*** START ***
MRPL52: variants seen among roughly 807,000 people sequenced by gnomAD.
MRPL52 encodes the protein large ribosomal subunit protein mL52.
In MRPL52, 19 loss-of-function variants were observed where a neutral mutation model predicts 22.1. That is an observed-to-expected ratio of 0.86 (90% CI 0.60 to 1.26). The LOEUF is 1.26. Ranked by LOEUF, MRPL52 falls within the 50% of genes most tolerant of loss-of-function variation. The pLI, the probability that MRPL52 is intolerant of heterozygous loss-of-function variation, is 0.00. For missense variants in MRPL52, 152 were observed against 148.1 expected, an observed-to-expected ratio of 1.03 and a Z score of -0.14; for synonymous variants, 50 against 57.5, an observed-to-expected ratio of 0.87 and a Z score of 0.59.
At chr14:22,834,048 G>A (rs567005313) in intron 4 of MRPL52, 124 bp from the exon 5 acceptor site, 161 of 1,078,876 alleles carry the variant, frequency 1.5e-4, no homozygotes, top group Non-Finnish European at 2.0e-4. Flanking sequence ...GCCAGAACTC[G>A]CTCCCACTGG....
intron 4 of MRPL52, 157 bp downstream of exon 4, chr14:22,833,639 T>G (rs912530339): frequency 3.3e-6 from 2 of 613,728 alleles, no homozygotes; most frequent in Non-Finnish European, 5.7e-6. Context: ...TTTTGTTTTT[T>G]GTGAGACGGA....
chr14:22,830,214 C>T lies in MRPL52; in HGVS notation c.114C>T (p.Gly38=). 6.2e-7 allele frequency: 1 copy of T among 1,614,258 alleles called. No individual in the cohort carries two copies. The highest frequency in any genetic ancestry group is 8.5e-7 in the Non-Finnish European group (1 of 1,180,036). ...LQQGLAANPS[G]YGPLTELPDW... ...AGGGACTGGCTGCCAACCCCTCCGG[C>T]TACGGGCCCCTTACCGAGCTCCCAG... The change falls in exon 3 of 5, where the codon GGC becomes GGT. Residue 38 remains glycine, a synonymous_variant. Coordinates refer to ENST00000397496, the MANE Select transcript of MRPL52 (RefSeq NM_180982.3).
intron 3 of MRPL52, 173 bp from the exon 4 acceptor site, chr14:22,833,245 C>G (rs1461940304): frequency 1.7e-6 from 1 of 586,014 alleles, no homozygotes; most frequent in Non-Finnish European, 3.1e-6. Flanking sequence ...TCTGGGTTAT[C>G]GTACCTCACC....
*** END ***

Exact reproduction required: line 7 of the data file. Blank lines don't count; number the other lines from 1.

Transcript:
intron 3 of MRPL52, 173 bp from the exon 4 acceptor site, chr14:22,833,245 C>G (rs1461940304): frequency 1.7e-6 from 1 of 586,014 alleles, no homozygotes; most frequent in Non-Finnish European, 3.1e-6. Flanking sequence ...TCTGGGTTAT[C>G]GTACCTCACC....